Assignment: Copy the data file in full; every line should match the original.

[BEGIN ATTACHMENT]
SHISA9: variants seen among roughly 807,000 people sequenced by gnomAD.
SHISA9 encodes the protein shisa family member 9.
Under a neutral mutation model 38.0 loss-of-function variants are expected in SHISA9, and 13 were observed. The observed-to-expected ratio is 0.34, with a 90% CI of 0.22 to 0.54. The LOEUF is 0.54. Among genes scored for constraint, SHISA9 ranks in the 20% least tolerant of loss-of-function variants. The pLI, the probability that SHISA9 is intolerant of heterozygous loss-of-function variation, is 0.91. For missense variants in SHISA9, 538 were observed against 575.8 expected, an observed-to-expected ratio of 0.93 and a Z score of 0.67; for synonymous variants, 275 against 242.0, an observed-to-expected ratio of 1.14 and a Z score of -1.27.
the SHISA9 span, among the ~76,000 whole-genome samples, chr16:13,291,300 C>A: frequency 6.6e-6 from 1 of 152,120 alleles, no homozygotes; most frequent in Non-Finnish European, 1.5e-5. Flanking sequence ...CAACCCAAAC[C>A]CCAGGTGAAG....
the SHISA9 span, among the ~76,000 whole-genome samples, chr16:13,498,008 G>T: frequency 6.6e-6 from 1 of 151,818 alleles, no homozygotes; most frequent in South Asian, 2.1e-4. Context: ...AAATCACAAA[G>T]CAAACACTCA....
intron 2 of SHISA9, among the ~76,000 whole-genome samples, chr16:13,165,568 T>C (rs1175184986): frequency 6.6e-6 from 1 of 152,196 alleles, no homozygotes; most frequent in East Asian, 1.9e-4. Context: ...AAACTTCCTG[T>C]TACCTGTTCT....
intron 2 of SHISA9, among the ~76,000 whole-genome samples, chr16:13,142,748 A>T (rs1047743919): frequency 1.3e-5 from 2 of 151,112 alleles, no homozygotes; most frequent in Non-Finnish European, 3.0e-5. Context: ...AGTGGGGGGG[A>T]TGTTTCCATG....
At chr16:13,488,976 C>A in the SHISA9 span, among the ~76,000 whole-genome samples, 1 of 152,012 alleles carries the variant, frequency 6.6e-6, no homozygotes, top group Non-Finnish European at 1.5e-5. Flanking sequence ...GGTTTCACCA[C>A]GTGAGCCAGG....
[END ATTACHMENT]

SHISA9: variants seen among roughly 807,000 people sequenced by gnomAD.
SHISA9 encodes the protein shisa family member 9.
Under a neutral mutation model 38.0 loss-of-function variants are expected in SHISA9, and 13 were observed. The observed-to-expected ratio is 0.34, with a 90% CI of 0.22 to 0.54. The LOEUF is 0.54. Among genes scored for constraint, SHISA9 ranks in the 20% least tolerant of loss-of-function variants. The pLI, the probability that SHISA9 is intolerant of heterozygous loss-of-function variation, is 0.91. For missense variants in SHISA9, 538 were observed against 575.8 expected, an observed-to-expected ratio of 0.93 and a Z score of 0.67; for synonymous variants, 275 against 242.0, an observed-to-expected ratio of 1.14 and a Z score of -1.27.
the SHISA9 span, among the ~76,000 whole-genome samples, chr16:13,291,300 C>A: frequency 6.6e-6 from 1 of 152,120 alleles, no homozygotes; most frequent in Non-Finnish European, 1.5e-5. Flanking sequence ...CAACCCAAAC[C>A]CCAGGTGAAG....
the SHISA9 span, among the ~76,000 whole-genome samples, chr16:13,498,008 G>T: frequency 6.6e-6 from 1 of 151,818 alleles, no homozygotes; most frequent in South Asian, 2.1e-4. Context: ...AAATCACAAA[G>T]CAAACACTCA....
intron 2 of SHISA9, among the ~76,000 whole-genome samples, chr16:13,165,568 T>C (rs1175184986): frequency 6.6e-6 from 1 of 152,196 alleles, no homozygotes; most frequent in East Asian, 1.9e-4. Context: ...AAACTTCCTG[T>C]TACCTGTTCT....
intron 2 of SHISA9, among the ~76,000 whole-genome samples, chr16:13,142,748 A>T (rs1047743919): frequency 1.3e-5 from 2 of 151,112 alleles, no homozygotes; most frequent in Non-Finnish European, 3.0e-5. Context: ...AGTGGGGGGG[A>T]TGTTTCCATG....
At chr16:13,488,976 C>A in the SHISA9 span, among the ~76,000 whole-genome samples, 1 of 152,012 alleles carries the variant, frequency 6.6e-6, no homozygotes, top group Non-Finnish European at 1.5e-5. Flanking sequence ...GGTTTCACCA[C>A]GTGAGCCAGG....